Zylstra on Runner
The following is taken from Bernard Zylstra ‘Preface to Runner’ in The Relation of the Bible to Learning (Paideia: Jordan Station, Ontario, 1982, 5th edn.) pp. 10-13
Runner was born in 1916, in Oxford, Pennsylvania, the only child in a solidly evangelical Presbyterian family. His life was divided between the intense piety of home and church and the neutralizing impact of “the American way of life” evident in the public schools and in the maelstrom of a mixed Irish Catholic, Jewish and Protestant working-class neighborhood. The local Presbyterian congregation of which his parents were active members was deeply involved in the conflict between liberalism and orthodoxy that divided the Presbyterian church and led to the founding of Westminster Theological Seminary in Philadelphia in 1929 and the Orthodox Presbyterian Church in 1936 under the leadership of J. Gresham Machen. The piety of his father and mother did not make him question the penetrating influence of liberal humanism on the American way of life. Instead, it nurtured his desire to become a missionary in foreign lands-Korea or China. His parents sacrificed much in the heart of the depression to send him to Wheaton College, the major center of evangelical liberal arts learning in the thirties. He was there from 1932-1936-about the same time as Billy Graham and Carl F.H. Henry-except for his junior year, which he spent at the University of Pennsylvania to learn more Greek than Wheaton offered. That is important to note. From the moment Runner entered college, his desire to be a missionary was constrained by his love for philosophy and a classical education. Here we detect the tension created in the life of a young student by the clash between the Gospel as interpreted in the evangelical-fundamentalist setting and the world of scholarship in its classical humanist interpretation. A growing· awareness of that clash led Runner gradually to the realization that there are two fundamentally conflicting religious spirits at work in modern culture-faith in Jesus Christ and faith in human personality. Runner’s development from 1936 to 1951 can be described in terms of his growing awareness of the range and depth of that conflict. At first he viewed it primarily in terms of theology; he realized that the battle for the direction of the theological schools in the mainline churches concerned an accommodation of theology to the spirit of modern, secular thought. For this reason he went to Westminster Theological Seminary in 1936 to study with Cornelius Van Till. And for the same reason, in 1939, he went to study with Klaas Schilder at the Theological School in Kampen, the Netherlands. Then he began to sense that the spiritual conflict in our culture is not one of theology but that it is much broader, that it encompasses the whole of philosophy and science. This awareness greatly increased during his stay at Harvard University from 1940 to 1943, where he studied with George LaPiana and Werner Jaeger. And because of this awareness he returned to Holland immediately after the war to study with D.H.T. Vollenhoven of the Free University.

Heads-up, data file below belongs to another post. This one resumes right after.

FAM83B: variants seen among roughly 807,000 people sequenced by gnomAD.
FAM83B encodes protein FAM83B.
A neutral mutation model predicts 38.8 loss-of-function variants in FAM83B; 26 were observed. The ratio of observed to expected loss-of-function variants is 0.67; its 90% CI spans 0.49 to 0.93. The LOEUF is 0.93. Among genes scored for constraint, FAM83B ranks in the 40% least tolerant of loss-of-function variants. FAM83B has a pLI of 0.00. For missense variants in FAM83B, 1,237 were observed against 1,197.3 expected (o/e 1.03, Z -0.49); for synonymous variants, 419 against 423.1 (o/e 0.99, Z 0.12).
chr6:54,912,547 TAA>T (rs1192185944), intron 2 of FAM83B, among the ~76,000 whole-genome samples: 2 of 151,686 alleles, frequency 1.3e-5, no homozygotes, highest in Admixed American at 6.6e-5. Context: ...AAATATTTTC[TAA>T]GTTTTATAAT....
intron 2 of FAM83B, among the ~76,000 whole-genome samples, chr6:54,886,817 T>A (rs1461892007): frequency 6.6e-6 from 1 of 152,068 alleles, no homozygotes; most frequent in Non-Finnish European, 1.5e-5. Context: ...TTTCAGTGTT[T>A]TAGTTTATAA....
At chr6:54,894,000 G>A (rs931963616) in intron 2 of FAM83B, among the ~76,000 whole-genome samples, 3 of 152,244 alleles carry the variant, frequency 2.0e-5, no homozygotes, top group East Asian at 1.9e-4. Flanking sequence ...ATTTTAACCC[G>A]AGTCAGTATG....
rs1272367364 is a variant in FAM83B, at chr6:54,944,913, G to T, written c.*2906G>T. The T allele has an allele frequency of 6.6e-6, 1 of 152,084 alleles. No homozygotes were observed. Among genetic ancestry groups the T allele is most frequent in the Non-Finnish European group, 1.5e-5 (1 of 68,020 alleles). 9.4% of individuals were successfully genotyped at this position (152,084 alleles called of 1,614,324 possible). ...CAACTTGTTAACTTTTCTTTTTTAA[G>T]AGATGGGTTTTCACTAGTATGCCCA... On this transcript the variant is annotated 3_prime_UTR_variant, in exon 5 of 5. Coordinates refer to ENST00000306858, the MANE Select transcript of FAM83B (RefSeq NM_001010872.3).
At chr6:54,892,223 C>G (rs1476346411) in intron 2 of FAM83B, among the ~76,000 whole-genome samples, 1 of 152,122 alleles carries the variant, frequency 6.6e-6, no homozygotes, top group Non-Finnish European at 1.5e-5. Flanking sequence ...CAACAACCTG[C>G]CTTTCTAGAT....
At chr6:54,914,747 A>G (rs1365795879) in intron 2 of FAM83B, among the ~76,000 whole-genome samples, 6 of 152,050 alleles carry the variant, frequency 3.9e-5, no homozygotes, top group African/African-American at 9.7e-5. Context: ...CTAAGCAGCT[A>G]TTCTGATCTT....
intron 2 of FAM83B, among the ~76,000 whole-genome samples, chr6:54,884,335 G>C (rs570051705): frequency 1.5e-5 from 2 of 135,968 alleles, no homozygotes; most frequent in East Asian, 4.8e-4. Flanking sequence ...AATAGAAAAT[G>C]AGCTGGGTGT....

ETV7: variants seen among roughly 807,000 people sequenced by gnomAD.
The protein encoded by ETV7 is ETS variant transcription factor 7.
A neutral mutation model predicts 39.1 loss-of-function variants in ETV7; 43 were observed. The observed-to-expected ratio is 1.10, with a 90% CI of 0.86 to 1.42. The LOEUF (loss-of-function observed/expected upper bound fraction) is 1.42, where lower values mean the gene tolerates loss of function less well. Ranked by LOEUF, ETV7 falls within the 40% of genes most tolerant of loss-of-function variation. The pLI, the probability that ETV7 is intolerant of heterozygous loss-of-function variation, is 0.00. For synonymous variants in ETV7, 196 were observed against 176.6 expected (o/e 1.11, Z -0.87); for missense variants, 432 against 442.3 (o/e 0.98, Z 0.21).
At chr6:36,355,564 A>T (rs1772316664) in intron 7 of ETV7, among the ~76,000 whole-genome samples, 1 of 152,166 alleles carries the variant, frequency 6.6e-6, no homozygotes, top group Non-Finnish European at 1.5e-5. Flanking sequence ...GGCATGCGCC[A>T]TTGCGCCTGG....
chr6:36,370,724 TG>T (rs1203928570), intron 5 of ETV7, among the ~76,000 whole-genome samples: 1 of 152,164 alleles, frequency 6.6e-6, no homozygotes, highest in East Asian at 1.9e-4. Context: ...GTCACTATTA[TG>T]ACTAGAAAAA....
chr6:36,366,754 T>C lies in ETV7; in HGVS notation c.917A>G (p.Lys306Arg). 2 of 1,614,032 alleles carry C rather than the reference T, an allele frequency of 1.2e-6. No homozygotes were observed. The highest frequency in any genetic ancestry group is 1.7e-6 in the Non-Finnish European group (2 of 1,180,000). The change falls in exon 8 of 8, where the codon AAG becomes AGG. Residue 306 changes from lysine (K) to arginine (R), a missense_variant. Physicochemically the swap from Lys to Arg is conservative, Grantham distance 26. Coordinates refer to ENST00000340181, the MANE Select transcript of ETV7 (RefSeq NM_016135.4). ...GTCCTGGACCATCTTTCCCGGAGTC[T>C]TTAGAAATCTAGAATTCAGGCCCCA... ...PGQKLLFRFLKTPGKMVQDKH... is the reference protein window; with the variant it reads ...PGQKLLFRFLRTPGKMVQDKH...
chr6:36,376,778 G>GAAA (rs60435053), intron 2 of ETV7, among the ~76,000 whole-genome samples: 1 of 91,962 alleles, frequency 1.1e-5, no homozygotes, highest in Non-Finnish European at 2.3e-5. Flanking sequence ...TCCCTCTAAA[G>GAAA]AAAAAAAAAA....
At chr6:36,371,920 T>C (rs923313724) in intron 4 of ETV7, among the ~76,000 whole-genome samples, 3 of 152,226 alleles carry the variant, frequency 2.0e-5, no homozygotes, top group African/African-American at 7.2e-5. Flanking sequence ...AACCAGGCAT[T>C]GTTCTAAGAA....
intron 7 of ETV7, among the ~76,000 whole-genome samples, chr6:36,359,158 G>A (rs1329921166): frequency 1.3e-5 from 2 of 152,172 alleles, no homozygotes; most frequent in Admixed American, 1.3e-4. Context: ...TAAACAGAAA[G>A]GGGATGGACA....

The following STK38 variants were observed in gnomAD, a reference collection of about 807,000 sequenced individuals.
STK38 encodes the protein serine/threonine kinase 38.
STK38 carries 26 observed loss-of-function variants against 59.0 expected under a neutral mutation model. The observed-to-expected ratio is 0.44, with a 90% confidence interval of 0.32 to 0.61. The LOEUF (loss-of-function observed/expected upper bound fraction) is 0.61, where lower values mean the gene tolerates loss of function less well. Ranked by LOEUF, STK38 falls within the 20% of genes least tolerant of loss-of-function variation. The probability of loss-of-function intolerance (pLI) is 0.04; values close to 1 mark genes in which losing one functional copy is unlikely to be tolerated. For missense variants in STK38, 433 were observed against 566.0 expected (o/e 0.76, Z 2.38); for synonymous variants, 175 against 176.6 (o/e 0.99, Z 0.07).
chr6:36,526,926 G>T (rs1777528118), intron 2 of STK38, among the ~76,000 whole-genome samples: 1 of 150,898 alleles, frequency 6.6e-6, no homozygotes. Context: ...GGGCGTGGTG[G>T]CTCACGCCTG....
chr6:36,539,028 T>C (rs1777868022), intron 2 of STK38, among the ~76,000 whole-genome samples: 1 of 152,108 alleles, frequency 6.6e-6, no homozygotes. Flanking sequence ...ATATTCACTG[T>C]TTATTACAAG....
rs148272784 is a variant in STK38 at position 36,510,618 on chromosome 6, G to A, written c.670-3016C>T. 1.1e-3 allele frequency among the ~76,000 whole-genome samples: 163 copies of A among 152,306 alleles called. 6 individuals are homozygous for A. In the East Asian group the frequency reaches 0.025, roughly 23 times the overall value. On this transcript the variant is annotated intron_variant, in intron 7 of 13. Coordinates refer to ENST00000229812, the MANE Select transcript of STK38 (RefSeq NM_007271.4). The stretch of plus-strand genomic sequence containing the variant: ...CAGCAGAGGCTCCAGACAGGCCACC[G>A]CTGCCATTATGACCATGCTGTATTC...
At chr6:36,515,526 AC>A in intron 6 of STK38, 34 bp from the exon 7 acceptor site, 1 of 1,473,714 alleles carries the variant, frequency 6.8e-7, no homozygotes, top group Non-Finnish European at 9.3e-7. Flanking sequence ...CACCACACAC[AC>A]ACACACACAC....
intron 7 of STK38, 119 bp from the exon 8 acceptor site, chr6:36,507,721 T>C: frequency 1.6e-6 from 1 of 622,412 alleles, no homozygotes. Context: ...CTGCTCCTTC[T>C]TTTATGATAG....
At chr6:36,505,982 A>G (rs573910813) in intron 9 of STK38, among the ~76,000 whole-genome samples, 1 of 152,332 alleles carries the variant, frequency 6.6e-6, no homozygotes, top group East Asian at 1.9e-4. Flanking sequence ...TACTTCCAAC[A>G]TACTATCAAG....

The period from 1946 to 1951 was decisive. During that time Runner learned that the conflict between the Christian faith and the humanist faith is not in the first place a theoretical conflict whether theological or philosophical-but of life in its concrete practice, in politics, economics, culture, schooling, etc.
This explains Runner’s interest in reformed Protestantism in Holland. This is how he recently described this interest.